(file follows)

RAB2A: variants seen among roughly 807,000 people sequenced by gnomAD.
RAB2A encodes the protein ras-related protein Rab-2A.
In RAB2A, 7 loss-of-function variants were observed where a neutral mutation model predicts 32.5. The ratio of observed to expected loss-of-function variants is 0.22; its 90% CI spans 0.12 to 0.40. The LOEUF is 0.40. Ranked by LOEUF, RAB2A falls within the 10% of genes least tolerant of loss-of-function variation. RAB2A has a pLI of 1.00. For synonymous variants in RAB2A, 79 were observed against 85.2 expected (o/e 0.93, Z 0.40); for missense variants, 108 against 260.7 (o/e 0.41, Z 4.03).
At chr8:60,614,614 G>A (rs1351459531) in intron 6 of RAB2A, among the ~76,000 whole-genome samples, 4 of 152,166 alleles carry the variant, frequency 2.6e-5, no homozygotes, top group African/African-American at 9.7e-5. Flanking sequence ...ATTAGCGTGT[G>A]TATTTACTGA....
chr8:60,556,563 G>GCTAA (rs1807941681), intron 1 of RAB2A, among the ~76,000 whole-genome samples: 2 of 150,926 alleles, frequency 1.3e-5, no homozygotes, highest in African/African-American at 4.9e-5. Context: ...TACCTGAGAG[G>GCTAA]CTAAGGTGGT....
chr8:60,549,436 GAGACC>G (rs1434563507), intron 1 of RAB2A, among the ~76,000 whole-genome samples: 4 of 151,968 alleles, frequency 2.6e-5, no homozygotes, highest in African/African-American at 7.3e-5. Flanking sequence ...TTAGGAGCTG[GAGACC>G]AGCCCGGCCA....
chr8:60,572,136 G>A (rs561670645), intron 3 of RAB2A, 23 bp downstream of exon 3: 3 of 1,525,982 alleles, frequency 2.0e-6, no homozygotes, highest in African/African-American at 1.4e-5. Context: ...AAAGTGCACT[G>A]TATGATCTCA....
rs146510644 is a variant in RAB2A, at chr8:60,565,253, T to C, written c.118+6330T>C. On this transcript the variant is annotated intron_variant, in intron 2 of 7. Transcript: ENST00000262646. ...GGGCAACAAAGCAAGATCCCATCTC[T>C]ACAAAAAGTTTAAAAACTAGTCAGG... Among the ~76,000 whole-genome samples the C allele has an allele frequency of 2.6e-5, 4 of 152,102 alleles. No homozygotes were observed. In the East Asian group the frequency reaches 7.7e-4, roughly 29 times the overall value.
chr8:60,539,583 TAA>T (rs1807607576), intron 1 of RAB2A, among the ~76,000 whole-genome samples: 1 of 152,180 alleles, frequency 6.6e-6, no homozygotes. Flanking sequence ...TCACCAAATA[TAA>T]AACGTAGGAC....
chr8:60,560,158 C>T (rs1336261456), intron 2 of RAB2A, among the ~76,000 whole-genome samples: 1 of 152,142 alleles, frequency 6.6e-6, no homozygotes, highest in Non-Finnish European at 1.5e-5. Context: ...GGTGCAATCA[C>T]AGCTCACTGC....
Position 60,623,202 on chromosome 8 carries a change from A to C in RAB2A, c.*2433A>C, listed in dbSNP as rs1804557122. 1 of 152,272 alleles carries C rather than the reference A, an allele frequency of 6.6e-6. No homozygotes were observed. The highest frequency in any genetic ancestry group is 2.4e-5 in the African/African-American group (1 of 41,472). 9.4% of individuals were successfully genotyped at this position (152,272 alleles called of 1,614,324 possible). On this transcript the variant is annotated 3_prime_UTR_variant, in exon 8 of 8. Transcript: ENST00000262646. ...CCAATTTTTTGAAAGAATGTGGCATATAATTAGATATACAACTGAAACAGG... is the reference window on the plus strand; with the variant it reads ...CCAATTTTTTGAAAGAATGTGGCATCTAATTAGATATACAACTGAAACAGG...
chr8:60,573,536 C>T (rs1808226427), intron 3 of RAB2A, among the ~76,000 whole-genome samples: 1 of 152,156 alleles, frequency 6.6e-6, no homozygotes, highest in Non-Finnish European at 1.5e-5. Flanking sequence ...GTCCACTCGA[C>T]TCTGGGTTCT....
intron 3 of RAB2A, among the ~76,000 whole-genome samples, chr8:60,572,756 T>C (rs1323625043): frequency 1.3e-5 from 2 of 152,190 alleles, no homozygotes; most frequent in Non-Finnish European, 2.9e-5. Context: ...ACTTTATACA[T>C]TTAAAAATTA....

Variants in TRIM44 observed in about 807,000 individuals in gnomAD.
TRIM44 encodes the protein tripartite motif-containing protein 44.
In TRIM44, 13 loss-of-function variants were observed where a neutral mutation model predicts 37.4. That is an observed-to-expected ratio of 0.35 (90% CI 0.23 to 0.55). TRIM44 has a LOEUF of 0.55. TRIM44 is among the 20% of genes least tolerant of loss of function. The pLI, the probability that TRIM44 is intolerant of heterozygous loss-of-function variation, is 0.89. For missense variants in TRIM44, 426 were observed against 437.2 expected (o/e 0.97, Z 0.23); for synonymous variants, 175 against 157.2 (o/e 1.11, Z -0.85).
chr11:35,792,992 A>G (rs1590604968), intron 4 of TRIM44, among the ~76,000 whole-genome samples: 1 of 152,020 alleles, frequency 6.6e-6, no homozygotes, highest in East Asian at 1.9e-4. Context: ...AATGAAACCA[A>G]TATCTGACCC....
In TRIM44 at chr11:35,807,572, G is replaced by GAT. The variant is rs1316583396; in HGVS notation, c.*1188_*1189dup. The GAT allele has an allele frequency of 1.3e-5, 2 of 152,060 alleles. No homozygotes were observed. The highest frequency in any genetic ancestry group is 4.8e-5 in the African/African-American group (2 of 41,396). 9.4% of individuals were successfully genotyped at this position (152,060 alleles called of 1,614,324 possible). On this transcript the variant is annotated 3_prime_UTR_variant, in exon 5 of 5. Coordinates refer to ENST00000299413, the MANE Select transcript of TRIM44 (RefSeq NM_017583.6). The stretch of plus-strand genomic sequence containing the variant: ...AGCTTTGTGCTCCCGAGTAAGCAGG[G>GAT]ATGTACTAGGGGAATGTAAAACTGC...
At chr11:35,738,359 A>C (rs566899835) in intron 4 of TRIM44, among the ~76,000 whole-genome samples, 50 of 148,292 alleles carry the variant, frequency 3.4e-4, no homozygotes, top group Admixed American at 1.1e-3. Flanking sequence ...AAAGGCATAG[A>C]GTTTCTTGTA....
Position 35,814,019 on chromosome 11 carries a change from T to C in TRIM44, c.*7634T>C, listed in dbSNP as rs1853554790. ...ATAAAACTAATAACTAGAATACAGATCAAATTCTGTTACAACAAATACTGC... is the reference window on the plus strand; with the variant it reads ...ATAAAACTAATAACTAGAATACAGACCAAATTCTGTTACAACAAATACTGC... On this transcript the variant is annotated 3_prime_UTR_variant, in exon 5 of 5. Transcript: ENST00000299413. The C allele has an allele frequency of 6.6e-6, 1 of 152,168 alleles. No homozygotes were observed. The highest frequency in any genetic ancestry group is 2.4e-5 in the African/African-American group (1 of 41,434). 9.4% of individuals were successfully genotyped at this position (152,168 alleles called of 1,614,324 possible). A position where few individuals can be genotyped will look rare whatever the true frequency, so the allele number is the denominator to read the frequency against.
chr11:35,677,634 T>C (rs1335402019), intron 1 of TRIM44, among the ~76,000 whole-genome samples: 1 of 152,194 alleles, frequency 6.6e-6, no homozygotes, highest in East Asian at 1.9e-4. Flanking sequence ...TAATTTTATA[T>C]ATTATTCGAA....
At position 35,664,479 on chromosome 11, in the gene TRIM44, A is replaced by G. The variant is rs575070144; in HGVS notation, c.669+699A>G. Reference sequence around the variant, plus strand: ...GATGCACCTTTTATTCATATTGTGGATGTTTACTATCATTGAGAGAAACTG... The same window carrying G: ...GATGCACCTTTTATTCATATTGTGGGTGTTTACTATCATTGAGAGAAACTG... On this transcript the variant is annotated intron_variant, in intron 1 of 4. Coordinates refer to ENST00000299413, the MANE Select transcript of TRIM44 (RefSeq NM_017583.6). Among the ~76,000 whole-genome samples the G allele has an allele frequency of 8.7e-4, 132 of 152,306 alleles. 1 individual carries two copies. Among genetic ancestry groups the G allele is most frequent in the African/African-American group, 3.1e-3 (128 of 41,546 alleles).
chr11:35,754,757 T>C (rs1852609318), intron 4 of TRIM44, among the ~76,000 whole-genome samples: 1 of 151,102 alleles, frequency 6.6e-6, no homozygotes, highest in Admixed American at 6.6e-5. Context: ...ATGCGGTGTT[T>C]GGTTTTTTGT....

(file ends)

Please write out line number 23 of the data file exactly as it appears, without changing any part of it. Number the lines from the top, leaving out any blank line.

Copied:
chr11:35,754,757 T>C (rs1852609318), intron 4 of TRIM44, among the ~76,000 whole-genome samples: 1 of 151,102 alleles, frequency 6.6e-6, no homozygotes, highest in Admixed American at 6.6e-5. Context: ...ATGCGGTGTT[T>C]GGTTTTTTGT....